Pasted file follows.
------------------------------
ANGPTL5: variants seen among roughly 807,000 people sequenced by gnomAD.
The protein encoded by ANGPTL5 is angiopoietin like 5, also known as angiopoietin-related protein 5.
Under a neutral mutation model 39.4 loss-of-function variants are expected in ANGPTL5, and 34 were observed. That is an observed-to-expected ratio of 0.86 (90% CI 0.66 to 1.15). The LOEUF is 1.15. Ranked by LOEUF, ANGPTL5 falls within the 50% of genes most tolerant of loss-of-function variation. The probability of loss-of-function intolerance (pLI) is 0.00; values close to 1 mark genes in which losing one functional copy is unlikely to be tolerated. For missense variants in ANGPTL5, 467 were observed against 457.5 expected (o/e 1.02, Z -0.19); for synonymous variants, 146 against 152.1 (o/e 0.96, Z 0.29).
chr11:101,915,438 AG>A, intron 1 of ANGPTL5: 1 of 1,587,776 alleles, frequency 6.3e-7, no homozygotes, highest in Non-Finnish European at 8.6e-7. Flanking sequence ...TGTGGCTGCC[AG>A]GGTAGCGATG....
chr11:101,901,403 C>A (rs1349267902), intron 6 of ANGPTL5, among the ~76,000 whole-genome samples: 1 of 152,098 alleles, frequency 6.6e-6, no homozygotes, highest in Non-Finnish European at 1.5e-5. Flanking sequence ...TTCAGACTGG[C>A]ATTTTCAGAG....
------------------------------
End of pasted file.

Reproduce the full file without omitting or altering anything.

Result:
ANGPTL5: variants seen among roughly 807,000 people sequenced by gnomAD.
The protein encoded by ANGPTL5 is angiopoietin like 5, also known as angiopoietin-related protein 5.
Under a neutral mutation model 39.4 loss-of-function variants are expected in ANGPTL5, and 34 were observed. That is an observed-to-expected ratio of 0.86 (90% CI 0.66 to 1.15). The LOEUF is 1.15. Ranked by LOEUF, ANGPTL5 falls within the 50% of genes most tolerant of loss-of-function variation. The probability of loss-of-function intolerance (pLI) is 0.00; values close to 1 mark genes in which losing one functional copy is unlikely to be tolerated. For missense variants in ANGPTL5, 467 were observed against 457.5 expected (o/e 1.02, Z -0.19); for synonymous variants, 146 against 152.1 (o/e 0.96, Z 0.29).
chr11:101,915,438 AG>A, intron 1 of ANGPTL5: 1 of 1,587,776 alleles, frequency 6.3e-7, no homozygotes, highest in Non-Finnish European at 8.6e-7. Flanking sequence ...TGTGGCTGCC[AG>A]GGTAGCGATG....
chr11:101,901,403 C>A (rs1349267902), intron 6 of ANGPTL5, among the ~76,000 whole-genome samples: 1 of 152,098 alleles, frequency 6.6e-6, no homozygotes, highest in Non-Finnish European at 1.5e-5. Flanking sequence ...TTCAGACTGG[C>A]ATTTTCAGAG....